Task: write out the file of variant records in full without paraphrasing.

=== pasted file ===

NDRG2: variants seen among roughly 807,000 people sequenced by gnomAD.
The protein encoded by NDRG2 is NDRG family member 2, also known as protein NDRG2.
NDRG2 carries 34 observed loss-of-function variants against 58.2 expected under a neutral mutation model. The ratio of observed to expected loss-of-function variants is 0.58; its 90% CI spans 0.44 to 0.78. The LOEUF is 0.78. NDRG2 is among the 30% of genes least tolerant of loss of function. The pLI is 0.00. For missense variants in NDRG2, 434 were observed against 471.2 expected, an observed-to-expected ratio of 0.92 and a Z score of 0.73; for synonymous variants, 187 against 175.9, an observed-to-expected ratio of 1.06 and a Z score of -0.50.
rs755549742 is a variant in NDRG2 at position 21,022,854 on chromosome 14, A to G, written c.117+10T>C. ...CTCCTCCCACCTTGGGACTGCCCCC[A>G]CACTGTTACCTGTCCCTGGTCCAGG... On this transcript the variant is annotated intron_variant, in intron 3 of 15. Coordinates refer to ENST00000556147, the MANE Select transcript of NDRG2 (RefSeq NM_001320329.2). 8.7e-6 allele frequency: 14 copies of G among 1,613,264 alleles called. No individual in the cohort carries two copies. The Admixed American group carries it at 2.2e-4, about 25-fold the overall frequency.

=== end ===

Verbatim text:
NDRG2: variants seen among roughly 807,000 people sequenced by gnomAD.
The protein encoded by NDRG2 is NDRG family member 2, also known as protein NDRG2.
NDRG2 carries 34 observed loss-of-function variants against 58.2 expected under a neutral mutation model. The ratio of observed to expected loss-of-function variants is 0.58; its 90% CI spans 0.44 to 0.78. The LOEUF is 0.78. NDRG2 is among the 30% of genes least tolerant of loss of function. The pLI is 0.00. For missense variants in NDRG2, 434 were observed against 471.2 expected, an observed-to-expected ratio of 0.92 and a Z score of 0.73; for synonymous variants, 187 against 175.9, an observed-to-expected ratio of 1.06 and a Z score of -0.50.
rs755549742 is a variant in NDRG2 at position 21,022,854 on chromosome 14, A to G, written c.117+10T>C. ...CTCCTCCCACCTTGGGACTGCCCCC[A>G]CACTGTTACCTGTCCCTGGTCCAGG... On this transcript the variant is annotated intron_variant, in intron 3 of 15. Coordinates refer to ENST00000556147, the MANE Select transcript of NDRG2 (RefSeq NM_001320329.2). 8.7e-6 allele frequency: 14 copies of G among 1,613,264 alleles called. No individual in the cohort carries two copies. The Admixed American group carries it at 2.2e-4, about 25-fold the overall frequency.